African gas becomes a focus for EU countries trying to replace Russia supply

Even though a new liquefied natural gas project off the western coast of Africa is only 80% finished, the promise of a new energy source has already attracted the attention of the governments of Poland and Germany.

African gas becomes a focus for EU countries trying to replace Russia supply

It is anticipated that the first field between the coasts of Senegal and Mauritania would have roughly 15 trillion cubic feet (425 billion cubic meters) of gas, which is five times more than what gas-dependent Germany used in the entire year 2019. However, it won't likely begin in production until the end of 2019.

That won't assist in resolving the energy problem in Europe brought on by Russia's conflict in Ukraine. The development "could not be more timed," according to Gordon Birrell, an executive for project co-developer BP, as Europe looks to lessen its dependency on Russian natural gas for heating, electricity generation, and running industries.

He stated at an energy sector gathering in West Africa last month that "current international events are highlighting the critical role that (liquid gas) can play in supporting the energy security of governments and regions."

A lack of infrastructure and security issues have long prevented producers in other regions of the continent from increasing exports, despite the fact that Africa has massive natural gas reserves and that nations in North Africa like Algeria already have pipelines connecting to Europe. African manufacturers that are already established are cutting deals or using less energy so they can sell more and increase their profits, but some leaders warn that hundreds of millions of Africans lack access to power and supplies are required at home.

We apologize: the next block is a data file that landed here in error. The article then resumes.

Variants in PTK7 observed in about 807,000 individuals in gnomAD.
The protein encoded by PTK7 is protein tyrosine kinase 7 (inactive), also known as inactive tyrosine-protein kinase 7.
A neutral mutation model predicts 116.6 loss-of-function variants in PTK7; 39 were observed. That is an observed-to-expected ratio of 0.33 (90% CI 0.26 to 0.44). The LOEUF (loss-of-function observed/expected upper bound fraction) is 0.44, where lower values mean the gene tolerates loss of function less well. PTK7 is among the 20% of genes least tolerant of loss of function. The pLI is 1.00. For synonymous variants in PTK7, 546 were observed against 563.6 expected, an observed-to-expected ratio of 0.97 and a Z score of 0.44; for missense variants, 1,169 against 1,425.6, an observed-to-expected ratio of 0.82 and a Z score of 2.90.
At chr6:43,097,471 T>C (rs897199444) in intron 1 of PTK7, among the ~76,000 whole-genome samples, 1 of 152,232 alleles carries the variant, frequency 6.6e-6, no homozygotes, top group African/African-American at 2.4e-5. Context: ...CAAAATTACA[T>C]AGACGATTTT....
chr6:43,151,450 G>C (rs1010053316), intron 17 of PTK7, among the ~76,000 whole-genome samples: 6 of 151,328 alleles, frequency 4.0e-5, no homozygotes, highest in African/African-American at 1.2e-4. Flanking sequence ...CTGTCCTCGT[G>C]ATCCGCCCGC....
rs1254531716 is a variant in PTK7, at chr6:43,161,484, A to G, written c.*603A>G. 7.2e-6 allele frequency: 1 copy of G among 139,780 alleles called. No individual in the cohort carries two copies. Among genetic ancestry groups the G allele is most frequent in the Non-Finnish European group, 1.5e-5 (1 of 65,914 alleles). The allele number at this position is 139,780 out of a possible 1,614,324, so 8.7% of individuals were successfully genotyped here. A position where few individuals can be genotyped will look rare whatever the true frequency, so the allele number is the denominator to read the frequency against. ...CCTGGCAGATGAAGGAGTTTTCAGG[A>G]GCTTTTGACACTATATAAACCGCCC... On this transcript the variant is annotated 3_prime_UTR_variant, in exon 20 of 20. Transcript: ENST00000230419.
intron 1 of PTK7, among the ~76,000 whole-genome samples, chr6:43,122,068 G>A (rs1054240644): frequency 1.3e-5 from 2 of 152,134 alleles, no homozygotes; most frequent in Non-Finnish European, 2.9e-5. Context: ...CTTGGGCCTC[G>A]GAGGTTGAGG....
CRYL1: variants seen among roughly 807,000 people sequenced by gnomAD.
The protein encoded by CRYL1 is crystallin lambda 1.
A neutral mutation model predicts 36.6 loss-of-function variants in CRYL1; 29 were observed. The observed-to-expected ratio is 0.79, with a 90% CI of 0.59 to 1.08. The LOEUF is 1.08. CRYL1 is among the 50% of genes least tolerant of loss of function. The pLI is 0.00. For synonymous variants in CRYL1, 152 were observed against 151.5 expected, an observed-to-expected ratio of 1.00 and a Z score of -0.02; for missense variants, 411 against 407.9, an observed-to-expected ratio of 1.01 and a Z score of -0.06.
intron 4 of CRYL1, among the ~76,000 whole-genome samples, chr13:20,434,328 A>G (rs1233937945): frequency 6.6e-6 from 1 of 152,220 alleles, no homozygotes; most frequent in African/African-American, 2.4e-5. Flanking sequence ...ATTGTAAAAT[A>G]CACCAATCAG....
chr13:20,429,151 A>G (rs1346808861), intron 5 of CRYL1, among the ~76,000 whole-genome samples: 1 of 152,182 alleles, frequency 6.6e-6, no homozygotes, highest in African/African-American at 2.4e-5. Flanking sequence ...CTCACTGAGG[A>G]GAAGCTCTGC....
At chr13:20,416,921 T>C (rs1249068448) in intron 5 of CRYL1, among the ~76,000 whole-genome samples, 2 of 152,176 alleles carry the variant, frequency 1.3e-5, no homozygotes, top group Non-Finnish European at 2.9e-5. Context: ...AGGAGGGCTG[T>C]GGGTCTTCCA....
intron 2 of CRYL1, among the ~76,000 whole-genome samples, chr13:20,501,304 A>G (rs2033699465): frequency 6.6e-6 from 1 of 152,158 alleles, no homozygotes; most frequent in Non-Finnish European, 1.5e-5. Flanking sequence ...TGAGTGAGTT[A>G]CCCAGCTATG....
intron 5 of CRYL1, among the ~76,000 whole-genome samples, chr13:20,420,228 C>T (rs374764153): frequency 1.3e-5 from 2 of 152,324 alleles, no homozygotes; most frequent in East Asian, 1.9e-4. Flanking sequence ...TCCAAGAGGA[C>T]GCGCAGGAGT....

Horatius Egua, a spokesperson for the petroleum minister, said that Nigeria has the greatest natural gas reserves in Africa even though it only supplies 14% of the European Union's ship-borne imports of liquefied natural gas (LNG). Energy theft and excessive expenses are risks for projects. Large gas deposits have been found in other prospective nations like Mozambique, but developments there have been hampered by Islamic extremist conflict.

As Moscow has cut off natural gas supplies to EU nations, raising energy costs and raising fears of a recession, Europe has been rushing to acquire other sources. The 27-nation EU is preparing for the potential of a total Russian cutoff but has still been able to fill gas stocks to 90%. Energy ministers from the EU are meeting this week to discuss a gas price ceiling.

Leaders from Europe have gone to nations like Norway, Qatar, and Azerbaijan, particularly those in North Africa where Algeria has a pipeline connecting to both Italy and Spain.

A month after Egypt negotiated a deal with the European Union and Israel to increase LNG supplies, Italy signed a $4 billion gas pact with Algeria in July. In addition, Angola and Italy have a gas agreement.

While a prior arrangement permitted Italy's largest energy firm to begin production at two gas fields in Algeria this week, the July pact's lack of specifics made it unclear when flows would begin, according to experts.

African presidents are being discouraged from pursuing fossil fuels but still want their nations to profit from these projects, like Senegalese President Macky Sall. Given that an estimated 600 million people in Africa lack access to power, they also do not want to export all of it.

"It is legitimate, fair, and equitable that Africa, the continent that pollutes the least and lags the most behind in the process of industrialization, should exploit its available resources to provide basic energy, improve the competitiveness of its economy, and achieve universal access to electricity," Sall said last month to the U.N. General Assembly.